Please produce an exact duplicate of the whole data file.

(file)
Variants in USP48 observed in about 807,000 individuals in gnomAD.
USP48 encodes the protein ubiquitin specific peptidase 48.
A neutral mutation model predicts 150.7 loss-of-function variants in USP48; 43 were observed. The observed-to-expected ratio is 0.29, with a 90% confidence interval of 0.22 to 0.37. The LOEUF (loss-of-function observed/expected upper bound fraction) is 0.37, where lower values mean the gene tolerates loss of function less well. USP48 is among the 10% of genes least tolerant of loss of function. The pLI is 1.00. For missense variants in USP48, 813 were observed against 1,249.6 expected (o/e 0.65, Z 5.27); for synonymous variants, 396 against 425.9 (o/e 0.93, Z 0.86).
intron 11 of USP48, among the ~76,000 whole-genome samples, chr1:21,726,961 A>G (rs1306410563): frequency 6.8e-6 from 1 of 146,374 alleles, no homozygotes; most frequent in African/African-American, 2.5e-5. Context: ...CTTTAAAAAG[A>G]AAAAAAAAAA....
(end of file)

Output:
Variants in USP48 observed in about 807,000 individuals in gnomAD.
USP48 encodes the protein ubiquitin specific peptidase 48.
A neutral mutation model predicts 150.7 loss-of-function variants in USP48; 43 were observed. The observed-to-expected ratio is 0.29, with a 90% confidence interval of 0.22 to 0.37. The LOEUF (loss-of-function observed/expected upper bound fraction) is 0.37, where lower values mean the gene tolerates loss of function less well. USP48 is among the 10% of genes least tolerant of loss of function. The pLI is 1.00. For missense variants in USP48, 813 were observed against 1,249.6 expected (o/e 0.65, Z 5.27); for synonymous variants, 396 against 425.9 (o/e 0.93, Z 0.86).
intron 11 of USP48, among the ~76,000 whole-genome samples, chr1:21,726,961 A>G (rs1306410563): frequency 6.8e-6 from 1 of 146,374 alleles, no homozygotes; most frequent in African/African-American, 2.5e-5. Context: ...CTTTAAAAAG[A>G]AAAAAAAAAA....